Basically, the G-tube caused us to stay in the hospital for an additional 6 weeks. The G-tube severely exacerbated her GERD. They had to hook up a catheter bag to the G-tube because she was draining about 75-100 cc a day of stomach juices/bile. After several different studies, the surgeons were at a loss as to why this was happening. She had to have an NJ tube inserted for 7 weeks while the track healed so that a GJ tube could replace the G-tube. We put mittens on her hands, taped the tube from nostril to ear so that she couldn't rip out the tube (she had already ripped out her central lines and a PICC line), and neurotically watched her every move to make sure she didn't rip out the NJ.

    The G-tube was placed on February 21 and GJ was placed on April 13. We still get some output from the G-tube port of the GJ but it is minimal and we can cap it. However, she is still being fed on a continuous feed through the J port. Essentially, the thinking is that they want to have her strong, chunky, and healthy before the Glenn. Post-Glenn is when they will really look at feeding orally and through the G - they just don't want her aspirating since she vomits so much.

    The upside to all of this drama, is that she is growing. She is in the 50th percentile for her weight. We do have to have Apria deliver our feeding supplies but our insurance does cover all of that including the Pregestimil (I pump but I am not producing enough milk for an entire day of feeding). We have a small backpack that we use to pack the pump in when we go places. The pump is small, very portable, and the battery keeps a great charge.

    Her GERD is pretty fierce. When she gags it sounds pretty scary and she is quite the prolific vomiter. The joke around the house is that her Roman name is "Vomitus Explodius Maximus". She is on Zantac and Erythromycin for the acid and motility issues. We were previously on Prevacid and Reglan but it was not as effective of a combination for her.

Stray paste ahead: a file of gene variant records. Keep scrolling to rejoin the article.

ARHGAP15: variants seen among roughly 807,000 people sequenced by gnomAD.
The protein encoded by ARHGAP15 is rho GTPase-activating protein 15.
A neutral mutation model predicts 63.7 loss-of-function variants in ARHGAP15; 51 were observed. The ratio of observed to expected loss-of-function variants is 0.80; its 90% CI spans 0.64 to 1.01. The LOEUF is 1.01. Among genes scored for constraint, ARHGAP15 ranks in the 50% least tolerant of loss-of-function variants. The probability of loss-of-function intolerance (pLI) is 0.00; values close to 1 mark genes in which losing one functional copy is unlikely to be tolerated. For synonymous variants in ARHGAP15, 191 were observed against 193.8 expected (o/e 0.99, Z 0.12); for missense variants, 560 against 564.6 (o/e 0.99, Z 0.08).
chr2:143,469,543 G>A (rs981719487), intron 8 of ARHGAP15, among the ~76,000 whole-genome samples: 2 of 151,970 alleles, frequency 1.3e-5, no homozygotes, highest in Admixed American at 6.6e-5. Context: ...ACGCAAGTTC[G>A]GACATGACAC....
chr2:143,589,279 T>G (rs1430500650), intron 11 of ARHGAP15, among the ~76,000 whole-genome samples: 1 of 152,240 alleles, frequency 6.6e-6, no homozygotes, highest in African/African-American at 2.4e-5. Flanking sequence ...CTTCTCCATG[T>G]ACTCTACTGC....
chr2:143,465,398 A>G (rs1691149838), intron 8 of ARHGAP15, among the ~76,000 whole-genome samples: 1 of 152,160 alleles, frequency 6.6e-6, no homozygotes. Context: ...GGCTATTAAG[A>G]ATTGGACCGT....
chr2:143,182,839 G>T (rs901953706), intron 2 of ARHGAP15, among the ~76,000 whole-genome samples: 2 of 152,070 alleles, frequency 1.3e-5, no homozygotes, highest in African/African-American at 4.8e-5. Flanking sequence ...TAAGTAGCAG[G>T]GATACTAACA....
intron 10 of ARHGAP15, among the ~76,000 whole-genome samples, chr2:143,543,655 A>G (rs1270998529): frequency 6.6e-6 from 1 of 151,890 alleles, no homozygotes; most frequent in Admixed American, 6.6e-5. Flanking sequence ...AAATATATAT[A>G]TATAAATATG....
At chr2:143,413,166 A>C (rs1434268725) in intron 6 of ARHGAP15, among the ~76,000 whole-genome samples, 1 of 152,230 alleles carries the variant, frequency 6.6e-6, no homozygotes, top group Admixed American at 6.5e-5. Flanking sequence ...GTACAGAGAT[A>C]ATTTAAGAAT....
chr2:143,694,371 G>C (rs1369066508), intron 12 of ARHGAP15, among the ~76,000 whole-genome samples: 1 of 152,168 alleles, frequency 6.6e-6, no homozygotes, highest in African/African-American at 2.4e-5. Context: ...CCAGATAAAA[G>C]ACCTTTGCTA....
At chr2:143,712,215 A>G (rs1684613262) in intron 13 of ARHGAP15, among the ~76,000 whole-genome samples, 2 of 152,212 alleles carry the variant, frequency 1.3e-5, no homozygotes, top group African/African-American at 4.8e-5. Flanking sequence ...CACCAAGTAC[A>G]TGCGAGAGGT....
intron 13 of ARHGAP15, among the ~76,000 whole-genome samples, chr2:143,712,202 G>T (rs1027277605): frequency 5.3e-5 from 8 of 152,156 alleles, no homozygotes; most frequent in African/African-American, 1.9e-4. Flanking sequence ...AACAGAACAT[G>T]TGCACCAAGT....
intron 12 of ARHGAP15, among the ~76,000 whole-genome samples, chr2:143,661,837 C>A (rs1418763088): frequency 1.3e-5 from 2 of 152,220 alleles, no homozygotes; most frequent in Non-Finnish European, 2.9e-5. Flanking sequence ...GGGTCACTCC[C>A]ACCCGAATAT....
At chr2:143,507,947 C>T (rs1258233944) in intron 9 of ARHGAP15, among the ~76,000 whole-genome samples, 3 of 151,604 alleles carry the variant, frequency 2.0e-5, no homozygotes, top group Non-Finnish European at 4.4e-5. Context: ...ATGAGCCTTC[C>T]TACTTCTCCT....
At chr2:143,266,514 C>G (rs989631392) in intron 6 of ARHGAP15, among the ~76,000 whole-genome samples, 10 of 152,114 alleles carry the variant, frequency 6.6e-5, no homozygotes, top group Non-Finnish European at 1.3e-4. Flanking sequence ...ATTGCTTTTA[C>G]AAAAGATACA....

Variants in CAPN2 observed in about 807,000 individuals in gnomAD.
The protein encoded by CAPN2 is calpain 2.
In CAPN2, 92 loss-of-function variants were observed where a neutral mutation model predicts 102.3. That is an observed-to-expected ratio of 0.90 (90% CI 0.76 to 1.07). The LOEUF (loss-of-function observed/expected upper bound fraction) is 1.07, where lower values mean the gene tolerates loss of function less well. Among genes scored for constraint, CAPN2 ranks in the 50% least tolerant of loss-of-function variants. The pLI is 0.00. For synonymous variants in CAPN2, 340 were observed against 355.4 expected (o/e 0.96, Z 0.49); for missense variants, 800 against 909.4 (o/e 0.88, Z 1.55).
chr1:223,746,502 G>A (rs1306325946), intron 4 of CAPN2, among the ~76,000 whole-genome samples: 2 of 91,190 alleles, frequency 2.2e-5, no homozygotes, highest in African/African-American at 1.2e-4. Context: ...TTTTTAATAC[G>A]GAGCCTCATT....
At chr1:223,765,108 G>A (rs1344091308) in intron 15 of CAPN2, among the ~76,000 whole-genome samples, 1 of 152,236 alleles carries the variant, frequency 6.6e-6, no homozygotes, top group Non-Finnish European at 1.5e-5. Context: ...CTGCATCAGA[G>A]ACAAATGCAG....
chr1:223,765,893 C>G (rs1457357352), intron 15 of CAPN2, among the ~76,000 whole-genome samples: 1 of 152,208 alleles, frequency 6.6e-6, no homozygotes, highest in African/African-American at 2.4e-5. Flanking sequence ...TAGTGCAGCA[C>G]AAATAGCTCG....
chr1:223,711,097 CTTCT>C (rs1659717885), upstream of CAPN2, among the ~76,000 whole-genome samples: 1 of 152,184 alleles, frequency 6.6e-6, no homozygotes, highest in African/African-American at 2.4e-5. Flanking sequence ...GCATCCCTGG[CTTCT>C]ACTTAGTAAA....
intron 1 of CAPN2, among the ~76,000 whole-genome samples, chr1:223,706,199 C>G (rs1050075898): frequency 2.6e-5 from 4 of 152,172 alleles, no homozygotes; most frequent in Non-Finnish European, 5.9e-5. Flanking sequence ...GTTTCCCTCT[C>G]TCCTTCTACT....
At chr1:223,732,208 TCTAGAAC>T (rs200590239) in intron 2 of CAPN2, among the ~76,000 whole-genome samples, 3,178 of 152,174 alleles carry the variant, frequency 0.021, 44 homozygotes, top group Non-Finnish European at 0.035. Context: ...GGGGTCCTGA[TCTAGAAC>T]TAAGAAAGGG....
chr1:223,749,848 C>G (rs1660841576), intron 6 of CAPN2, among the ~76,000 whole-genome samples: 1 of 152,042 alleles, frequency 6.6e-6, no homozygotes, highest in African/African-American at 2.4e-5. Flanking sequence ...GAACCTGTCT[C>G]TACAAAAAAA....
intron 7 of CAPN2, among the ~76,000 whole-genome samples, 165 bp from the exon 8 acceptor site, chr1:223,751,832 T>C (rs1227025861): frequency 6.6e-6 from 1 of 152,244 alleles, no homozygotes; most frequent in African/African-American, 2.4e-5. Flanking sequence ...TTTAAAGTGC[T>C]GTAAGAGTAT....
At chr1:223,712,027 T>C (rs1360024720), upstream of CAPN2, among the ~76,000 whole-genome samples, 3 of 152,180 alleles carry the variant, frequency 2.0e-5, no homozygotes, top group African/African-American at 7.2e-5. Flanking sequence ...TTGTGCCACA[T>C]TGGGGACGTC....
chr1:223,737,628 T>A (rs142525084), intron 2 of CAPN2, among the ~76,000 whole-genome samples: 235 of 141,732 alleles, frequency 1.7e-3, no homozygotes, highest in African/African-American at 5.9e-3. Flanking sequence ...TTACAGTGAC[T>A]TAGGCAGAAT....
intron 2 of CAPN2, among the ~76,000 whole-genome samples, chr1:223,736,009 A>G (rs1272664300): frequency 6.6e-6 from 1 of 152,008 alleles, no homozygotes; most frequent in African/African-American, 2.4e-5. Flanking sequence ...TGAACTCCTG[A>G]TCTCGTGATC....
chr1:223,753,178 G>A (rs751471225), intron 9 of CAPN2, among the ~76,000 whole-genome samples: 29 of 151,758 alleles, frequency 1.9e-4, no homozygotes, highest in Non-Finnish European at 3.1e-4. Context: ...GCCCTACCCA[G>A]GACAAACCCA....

I don't want to scare you but I wanted to give you an idea of what the "unexpected outcome" can be of a G-tube insertion for a HLHS baby with GERD. Also, fortunately for you, your son already feeds by mouth. My daughter has not really been fed orally (except for a minimal amount of Pedialyte in the CTICU) and we anxiously await that day.

    Best of luck!

  5. I hope that they are able to take care of Magnus soon so that you can come home as planned. Although I'm glad that we never had to deal with any of these tubes, I often wonder if having one would have made all the difference for Gabe.

  6. Hang in there! I'm sure you are just ready for action, and for a fix to be in place; I hope for all of you that happens soon!

    We are in Western Massachusetts; are you familiar with the Madden Open Heart Camp? Perhaps in ten years Cora and Magnus will meet up there on one of your summer sojurns back East...and to think I've driven by that camp daily since I was a kid and now I am a "heart mom".